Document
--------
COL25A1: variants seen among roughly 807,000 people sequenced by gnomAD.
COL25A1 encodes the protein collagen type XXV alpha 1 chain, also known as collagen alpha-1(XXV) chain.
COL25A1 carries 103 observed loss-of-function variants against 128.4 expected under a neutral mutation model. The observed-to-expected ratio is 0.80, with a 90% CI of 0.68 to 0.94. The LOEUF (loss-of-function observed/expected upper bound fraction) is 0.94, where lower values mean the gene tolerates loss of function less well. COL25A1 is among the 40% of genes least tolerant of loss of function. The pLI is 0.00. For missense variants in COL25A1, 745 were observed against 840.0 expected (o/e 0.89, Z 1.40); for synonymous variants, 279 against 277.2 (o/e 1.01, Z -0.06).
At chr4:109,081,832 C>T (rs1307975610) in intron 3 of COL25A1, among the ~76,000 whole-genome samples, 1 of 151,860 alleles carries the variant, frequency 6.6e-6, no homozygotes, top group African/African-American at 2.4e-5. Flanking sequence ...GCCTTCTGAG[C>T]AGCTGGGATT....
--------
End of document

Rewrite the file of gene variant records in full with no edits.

COL25A1: variants seen among roughly 807,000 people sequenced by gnomAD.
COL25A1 encodes the protein collagen type XXV alpha 1 chain, also known as collagen alpha-1(XXV) chain.
COL25A1 carries 103 observed loss-of-function variants against 128.4 expected under a neutral mutation model. The observed-to-expected ratio is 0.80, with a 90% CI of 0.68 to 0.94. The LOEUF (loss-of-function observed/expected upper bound fraction) is 0.94, where lower values mean the gene tolerates loss of function less well. COL25A1 is among the 40% of genes least tolerant of loss of function. The pLI is 0.00. For missense variants in COL25A1, 745 were observed against 840.0 expected (o/e 0.89, Z 1.40); for synonymous variants, 279 against 277.2 (o/e 1.01, Z -0.06).
At chr4:109,081,832 C>T (rs1307975610) in intron 3 of COL25A1, among the ~76,000 whole-genome samples, 1 of 151,860 alleles carries the variant, frequency 6.6e-6, no homozygotes, top group African/African-American at 2.4e-5. Flanking sequence ...GCCTTCTGAG[C>T]AGCTGGGATT....